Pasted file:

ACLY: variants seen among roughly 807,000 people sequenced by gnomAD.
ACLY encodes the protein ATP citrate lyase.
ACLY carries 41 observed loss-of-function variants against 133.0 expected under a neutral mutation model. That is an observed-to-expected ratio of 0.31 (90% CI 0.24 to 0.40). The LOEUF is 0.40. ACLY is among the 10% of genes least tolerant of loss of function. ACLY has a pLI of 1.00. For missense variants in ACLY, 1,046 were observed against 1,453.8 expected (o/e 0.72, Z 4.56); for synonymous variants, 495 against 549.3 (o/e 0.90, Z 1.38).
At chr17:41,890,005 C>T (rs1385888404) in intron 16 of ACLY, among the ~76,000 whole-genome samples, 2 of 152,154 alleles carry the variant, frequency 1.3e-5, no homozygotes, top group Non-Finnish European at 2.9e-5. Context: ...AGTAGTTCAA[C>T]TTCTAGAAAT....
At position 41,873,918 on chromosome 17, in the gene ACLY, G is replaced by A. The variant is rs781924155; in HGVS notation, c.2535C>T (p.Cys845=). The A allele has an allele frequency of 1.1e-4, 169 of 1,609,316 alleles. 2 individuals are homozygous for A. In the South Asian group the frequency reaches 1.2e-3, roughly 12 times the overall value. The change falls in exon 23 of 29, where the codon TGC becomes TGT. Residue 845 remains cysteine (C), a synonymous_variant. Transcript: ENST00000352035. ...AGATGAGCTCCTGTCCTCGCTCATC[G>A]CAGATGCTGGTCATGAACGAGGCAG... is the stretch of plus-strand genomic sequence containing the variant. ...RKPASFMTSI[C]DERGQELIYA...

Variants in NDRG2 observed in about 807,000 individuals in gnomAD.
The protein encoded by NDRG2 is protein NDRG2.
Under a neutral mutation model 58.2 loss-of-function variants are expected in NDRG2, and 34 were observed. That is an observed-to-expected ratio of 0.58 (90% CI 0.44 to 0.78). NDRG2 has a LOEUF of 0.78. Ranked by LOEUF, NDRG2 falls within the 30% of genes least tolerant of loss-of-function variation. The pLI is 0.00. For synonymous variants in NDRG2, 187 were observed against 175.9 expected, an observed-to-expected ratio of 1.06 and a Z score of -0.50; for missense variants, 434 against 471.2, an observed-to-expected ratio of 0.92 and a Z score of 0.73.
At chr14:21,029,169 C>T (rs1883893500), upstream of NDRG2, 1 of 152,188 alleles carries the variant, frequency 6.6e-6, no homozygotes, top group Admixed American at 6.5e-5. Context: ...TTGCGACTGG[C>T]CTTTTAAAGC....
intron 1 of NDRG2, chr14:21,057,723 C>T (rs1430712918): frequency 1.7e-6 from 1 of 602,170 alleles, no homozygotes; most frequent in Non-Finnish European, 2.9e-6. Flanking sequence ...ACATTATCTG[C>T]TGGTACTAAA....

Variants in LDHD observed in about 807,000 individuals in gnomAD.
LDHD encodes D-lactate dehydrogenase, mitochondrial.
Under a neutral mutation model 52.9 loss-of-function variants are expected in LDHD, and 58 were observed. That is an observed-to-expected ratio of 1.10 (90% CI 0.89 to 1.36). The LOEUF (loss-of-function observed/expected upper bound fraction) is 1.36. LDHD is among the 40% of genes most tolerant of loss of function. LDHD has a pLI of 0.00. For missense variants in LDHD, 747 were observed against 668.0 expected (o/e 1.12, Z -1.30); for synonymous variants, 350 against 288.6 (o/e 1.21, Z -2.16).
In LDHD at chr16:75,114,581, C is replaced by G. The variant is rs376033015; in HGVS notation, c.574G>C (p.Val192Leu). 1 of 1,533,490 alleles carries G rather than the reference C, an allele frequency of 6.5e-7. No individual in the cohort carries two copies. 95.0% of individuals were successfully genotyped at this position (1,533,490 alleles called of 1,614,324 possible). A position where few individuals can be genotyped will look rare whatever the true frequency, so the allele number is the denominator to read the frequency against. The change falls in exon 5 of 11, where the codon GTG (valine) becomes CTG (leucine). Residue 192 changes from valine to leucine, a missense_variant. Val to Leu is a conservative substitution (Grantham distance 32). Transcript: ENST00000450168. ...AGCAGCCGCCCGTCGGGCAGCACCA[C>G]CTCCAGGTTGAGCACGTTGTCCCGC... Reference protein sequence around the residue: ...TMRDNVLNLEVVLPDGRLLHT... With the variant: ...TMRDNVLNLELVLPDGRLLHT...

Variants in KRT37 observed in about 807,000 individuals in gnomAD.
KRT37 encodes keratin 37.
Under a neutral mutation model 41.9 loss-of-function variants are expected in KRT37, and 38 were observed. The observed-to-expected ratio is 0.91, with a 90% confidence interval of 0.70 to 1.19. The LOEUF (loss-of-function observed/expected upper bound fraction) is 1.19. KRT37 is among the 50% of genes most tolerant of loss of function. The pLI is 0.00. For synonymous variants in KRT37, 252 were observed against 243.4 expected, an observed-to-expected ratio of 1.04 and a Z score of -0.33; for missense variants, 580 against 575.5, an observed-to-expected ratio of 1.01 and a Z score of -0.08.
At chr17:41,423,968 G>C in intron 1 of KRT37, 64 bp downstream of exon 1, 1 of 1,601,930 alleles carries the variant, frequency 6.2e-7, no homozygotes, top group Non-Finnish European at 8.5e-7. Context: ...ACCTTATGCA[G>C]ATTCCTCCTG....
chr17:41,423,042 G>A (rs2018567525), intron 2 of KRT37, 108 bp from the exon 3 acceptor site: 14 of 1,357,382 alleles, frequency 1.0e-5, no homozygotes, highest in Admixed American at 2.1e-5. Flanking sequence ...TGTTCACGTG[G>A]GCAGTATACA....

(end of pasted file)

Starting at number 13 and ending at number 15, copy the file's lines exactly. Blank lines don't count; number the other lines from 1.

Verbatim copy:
Under a neutral mutation model 52.9 loss-of-function variants are expected in LDHD, and 58 were observed. That is an observed-to-expected ratio of 1.10 (90% CI 0.89 to 1.36). The LOEUF (loss-of-function observed/expected upper bound fraction) is 1.36. LDHD is among the 40% of genes most tolerant of loss of function. LDHD has a pLI of 0.00. For missense variants in LDHD, 747 were observed against 668.0 expected (o/e 1.12, Z -1.30); for synonymous variants, 350 against 288.6 (o/e 1.21, Z -2.16).
In LDHD at chr16:75,114,581, C is replaced by G. The variant is rs376033015; in HGVS notation, c.574G>C (p.Val192Leu). 1 of 1,533,490 alleles carries G rather than the reference C, an allele frequency of 6.5e-7. No individual in the cohort carries two copies. 95.0% of individuals were successfully genotyped at this position (1,533,490 alleles called of 1,614,324 possible). A position where few individuals can be genotyped will look rare whatever the true frequency, so the allele number is the denominator to read the frequency against. The change falls in exon 5 of 11, where the codon GTG (valine) becomes CTG (leucine). Residue 192 changes from valine to leucine, a missense_variant. Val to Leu is a conservative substitution (Grantham distance 32). Transcript: ENST00000450168. ...AGCAGCCGCCCGTCGGGCAGCACCA[C>G]CTCCAGGTTGAGCACGTTGTCCCGC... Reference protein sequence around the residue: ...TMRDNVLNLEVVLPDGRLLHT... With the variant: ...TMRDNVLNLELVLPDGRLLHT...

Variants in KRT37 observed in about 807,000 individuals in gnomAD.